Feb 05, 2014 10:14 AM GMT
TheQuest saidOMG - That's terrible.
I wonder what would happen if I posted that in my classes?
HottJoe saidAre they trying to say schools are safe now?
blkapollo saidTruancy equals death, lol.
Aristoshark saidWho thinks up this kind of stuff? And what are they on?
HottJoe saidAristoshark saidWho thinks up this kind of stuff? And what are they on?
i2ci2i saidI didn't know human beings were filled with jello
SlateThe end of the commercial claims that it’s “brought to you by” Learn for Life Foundation of Western Australia, described on the website as “a non-profit organisation promoting the importance of education for people of all ages.” If that sounds a little vague, well, so is the rest of the Learn for Life Foundation: The website features stock images of smiling people, and no contacts, explanations, or further details beyond the single video and a link to its directorial team, Henry & Aaron.
Henry Inglis and Aaron McCann are a filmmaking duo from Perth with a history of producing unsettling advertisements. They also happen to be comedians, if you didn’t get that “Set Yourself Free” was meant to be funny. McCann characterized their style as “violent with a WTF factor” when we spoke yesterday: “Two comedians can’t really do ‘normal’ and ‘safe’,” he said. He was cagey as to whether or not "Set Yourself Free" is an elaborate prank. The commercial was always intended to be educational, he said, though “in terms of the Foundation, we’d like to leave it open to interpretation. [It’s] hard to keep intrigue in the internet age.” It’s probably a good bet to assume that Inglis and McCann invented the Foundation for the sake of the joke.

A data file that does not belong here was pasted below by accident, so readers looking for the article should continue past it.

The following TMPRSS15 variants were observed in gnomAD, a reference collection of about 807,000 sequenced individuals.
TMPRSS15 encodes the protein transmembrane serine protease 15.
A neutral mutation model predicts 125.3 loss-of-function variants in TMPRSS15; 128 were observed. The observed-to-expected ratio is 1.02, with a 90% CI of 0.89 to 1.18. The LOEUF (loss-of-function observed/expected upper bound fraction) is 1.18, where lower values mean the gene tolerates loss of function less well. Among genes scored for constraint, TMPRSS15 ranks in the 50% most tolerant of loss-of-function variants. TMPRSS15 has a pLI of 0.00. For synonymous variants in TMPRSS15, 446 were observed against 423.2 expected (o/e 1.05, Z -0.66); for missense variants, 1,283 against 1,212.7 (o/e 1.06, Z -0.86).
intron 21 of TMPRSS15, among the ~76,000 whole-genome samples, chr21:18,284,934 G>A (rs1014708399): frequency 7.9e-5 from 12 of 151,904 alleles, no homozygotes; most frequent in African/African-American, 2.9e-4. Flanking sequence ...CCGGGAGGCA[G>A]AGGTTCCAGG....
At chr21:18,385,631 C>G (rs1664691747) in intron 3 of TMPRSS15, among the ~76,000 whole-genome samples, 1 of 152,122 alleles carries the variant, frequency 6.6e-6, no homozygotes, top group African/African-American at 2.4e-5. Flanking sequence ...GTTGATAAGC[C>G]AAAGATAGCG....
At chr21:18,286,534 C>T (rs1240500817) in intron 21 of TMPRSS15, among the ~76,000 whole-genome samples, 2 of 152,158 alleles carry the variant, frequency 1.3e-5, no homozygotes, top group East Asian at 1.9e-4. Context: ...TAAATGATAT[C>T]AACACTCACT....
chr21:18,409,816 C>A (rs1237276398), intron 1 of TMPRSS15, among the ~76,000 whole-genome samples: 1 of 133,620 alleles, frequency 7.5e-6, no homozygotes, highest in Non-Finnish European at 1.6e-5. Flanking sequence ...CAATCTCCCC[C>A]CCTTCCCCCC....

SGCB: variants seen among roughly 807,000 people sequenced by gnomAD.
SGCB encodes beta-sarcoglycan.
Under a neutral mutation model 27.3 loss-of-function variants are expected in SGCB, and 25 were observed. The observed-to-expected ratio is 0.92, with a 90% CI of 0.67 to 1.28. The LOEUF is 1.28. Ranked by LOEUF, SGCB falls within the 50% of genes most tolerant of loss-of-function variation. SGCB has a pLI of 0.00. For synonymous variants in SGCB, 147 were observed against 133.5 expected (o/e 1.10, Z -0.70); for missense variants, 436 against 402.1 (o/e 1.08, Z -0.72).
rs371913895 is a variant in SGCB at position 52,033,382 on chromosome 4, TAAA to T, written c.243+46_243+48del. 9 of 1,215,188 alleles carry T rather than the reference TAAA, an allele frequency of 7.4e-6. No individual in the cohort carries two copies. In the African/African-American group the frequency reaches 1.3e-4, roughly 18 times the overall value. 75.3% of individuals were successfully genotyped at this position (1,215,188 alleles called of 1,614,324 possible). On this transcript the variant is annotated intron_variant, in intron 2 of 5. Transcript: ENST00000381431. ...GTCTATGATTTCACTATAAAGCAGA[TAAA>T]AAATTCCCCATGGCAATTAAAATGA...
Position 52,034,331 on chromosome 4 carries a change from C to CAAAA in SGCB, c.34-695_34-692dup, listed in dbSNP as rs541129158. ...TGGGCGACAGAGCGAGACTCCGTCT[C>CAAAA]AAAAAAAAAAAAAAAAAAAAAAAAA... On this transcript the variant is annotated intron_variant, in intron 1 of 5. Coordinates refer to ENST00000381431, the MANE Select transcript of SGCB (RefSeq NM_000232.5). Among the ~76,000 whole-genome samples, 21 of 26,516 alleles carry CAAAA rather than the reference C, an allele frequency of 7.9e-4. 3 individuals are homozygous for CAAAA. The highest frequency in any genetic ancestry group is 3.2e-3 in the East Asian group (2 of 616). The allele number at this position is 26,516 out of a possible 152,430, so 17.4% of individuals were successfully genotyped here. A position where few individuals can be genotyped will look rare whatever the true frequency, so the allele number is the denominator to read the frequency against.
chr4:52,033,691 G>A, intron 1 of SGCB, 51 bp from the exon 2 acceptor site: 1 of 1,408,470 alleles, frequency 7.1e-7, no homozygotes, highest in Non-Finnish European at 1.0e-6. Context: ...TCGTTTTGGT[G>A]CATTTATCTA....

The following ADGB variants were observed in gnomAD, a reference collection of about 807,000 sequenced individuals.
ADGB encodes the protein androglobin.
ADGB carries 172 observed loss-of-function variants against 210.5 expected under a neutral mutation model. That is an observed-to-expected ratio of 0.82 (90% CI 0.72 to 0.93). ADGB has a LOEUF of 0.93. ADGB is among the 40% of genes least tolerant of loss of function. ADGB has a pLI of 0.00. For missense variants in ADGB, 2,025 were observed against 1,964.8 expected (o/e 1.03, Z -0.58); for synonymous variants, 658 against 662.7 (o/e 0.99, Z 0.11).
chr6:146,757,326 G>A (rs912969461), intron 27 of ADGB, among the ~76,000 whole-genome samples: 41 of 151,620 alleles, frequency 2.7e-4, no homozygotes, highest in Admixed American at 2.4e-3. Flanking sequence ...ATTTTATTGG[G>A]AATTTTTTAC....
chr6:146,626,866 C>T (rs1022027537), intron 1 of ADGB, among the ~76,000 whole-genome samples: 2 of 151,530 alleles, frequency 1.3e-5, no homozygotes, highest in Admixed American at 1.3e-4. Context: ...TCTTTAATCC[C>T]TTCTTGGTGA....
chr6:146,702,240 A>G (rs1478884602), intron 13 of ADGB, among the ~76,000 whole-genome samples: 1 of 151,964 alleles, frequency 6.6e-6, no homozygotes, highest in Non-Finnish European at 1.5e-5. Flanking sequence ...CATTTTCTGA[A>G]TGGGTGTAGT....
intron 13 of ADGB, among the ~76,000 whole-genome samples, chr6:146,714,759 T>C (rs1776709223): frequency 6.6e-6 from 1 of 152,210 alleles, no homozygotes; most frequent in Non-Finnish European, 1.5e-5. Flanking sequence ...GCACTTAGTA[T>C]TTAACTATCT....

Broseph saidIt's hard to get kids to watch a video where the message is to stay in school. I'd bet a lot of kids are talking about this one and sharing it around. Isn't that how you measure success in advertising? :p
blkapollo saidThis is a scary safety ad from Canada